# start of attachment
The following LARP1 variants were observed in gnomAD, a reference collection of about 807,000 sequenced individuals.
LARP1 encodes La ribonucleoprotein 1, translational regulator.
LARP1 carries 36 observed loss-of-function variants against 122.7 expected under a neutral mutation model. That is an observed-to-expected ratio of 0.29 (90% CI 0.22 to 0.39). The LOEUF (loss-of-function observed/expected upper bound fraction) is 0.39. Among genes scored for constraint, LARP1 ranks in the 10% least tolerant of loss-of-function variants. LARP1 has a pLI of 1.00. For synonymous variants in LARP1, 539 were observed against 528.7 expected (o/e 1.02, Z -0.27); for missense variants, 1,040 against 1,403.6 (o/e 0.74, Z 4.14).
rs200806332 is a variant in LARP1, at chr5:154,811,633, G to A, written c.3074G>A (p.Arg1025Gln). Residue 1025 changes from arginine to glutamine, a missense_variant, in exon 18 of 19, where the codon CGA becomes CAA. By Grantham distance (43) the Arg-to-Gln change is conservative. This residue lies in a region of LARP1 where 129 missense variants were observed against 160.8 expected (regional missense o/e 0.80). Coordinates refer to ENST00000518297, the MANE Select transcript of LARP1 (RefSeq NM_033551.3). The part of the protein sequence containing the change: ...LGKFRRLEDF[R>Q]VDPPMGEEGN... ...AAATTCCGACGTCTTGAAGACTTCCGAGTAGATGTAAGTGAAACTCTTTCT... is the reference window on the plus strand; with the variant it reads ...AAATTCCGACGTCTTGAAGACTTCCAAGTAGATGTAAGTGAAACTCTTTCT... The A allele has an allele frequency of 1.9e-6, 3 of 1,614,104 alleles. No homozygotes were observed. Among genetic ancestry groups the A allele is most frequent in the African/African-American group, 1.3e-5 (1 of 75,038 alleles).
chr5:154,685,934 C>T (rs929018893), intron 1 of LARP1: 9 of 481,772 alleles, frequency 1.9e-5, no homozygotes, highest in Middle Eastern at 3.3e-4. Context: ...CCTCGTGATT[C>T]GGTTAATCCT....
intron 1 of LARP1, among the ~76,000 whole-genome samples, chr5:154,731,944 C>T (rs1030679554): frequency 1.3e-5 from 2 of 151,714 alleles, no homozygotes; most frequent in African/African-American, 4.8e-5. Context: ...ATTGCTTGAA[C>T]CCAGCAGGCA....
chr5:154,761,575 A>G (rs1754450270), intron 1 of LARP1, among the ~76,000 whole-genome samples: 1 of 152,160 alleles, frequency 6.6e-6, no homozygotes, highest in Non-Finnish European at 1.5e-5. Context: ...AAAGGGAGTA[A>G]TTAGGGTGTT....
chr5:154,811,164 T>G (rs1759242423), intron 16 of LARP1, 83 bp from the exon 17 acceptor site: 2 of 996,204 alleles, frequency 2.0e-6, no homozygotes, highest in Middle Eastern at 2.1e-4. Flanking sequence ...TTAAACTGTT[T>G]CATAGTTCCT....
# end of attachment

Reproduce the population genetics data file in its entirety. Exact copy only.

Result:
The following LARP1 variants were observed in gnomAD, a reference collection of about 807,000 sequenced individuals.
LARP1 encodes La ribonucleoprotein 1, translational regulator.
LARP1 carries 36 observed loss-of-function variants against 122.7 expected under a neutral mutation model. That is an observed-to-expected ratio of 0.29 (90% CI 0.22 to 0.39). The LOEUF (loss-of-function observed/expected upper bound fraction) is 0.39. Among genes scored for constraint, LARP1 ranks in the 10% least tolerant of loss-of-function variants. LARP1 has a pLI of 1.00. For synonymous variants in LARP1, 539 were observed against 528.7 expected (o/e 1.02, Z -0.27); for missense variants, 1,040 against 1,403.6 (o/e 0.74, Z 4.14).
rs200806332 is a variant in LARP1, at chr5:154,811,633, G to A, written c.3074G>A (p.Arg1025Gln). Residue 1025 changes from arginine to glutamine, a missense_variant, in exon 18 of 19, where the codon CGA becomes CAA. By Grantham distance (43) the Arg-to-Gln change is conservative. This residue lies in a region of LARP1 where 129 missense variants were observed against 160.8 expected (regional missense o/e 0.80). Coordinates refer to ENST00000518297, the MANE Select transcript of LARP1 (RefSeq NM_033551.3). The part of the protein sequence containing the change: ...LGKFRRLEDF[R>Q]VDPPMGEEGN... ...AAATTCCGACGTCTTGAAGACTTCCGAGTAGATGTAAGTGAAACTCTTTCT... is the reference window on the plus strand; with the variant it reads ...AAATTCCGACGTCTTGAAGACTTCCAAGTAGATGTAAGTGAAACTCTTTCT... The A allele has an allele frequency of 1.9e-6, 3 of 1,614,104 alleles. No homozygotes were observed. Among genetic ancestry groups the A allele is most frequent in the African/African-American group, 1.3e-5 (1 of 75,038 alleles).
chr5:154,685,934 C>T (rs929018893), intron 1 of LARP1: 9 of 481,772 alleles, frequency 1.9e-5, no homozygotes, highest in Middle Eastern at 3.3e-4. Context: ...CCTCGTGATT[C>T]GGTTAATCCT....
intron 1 of LARP1, among the ~76,000 whole-genome samples, chr5:154,731,944 C>T (rs1030679554): frequency 1.3e-5 from 2 of 151,714 alleles, no homozygotes; most frequent in African/African-American, 4.8e-5. Context: ...ATTGCTTGAA[C>T]CCAGCAGGCA....
chr5:154,761,575 A>G (rs1754450270), intron 1 of LARP1, among the ~76,000 whole-genome samples: 1 of 152,160 alleles, frequency 6.6e-6, no homozygotes, highest in Non-Finnish European at 1.5e-5. Context: ...AAAGGGAGTA[A>G]TTAGGGTGTT....
chr5:154,811,164 T>G (rs1759242423), intron 16 of LARP1, 83 bp from the exon 17 acceptor site: 2 of 996,204 alleles, frequency 2.0e-6, no homozygotes, highest in Middle Eastern at 2.1e-4. Flanking sequence ...TTAAACTGTT[T>G]CATAGTTCCT....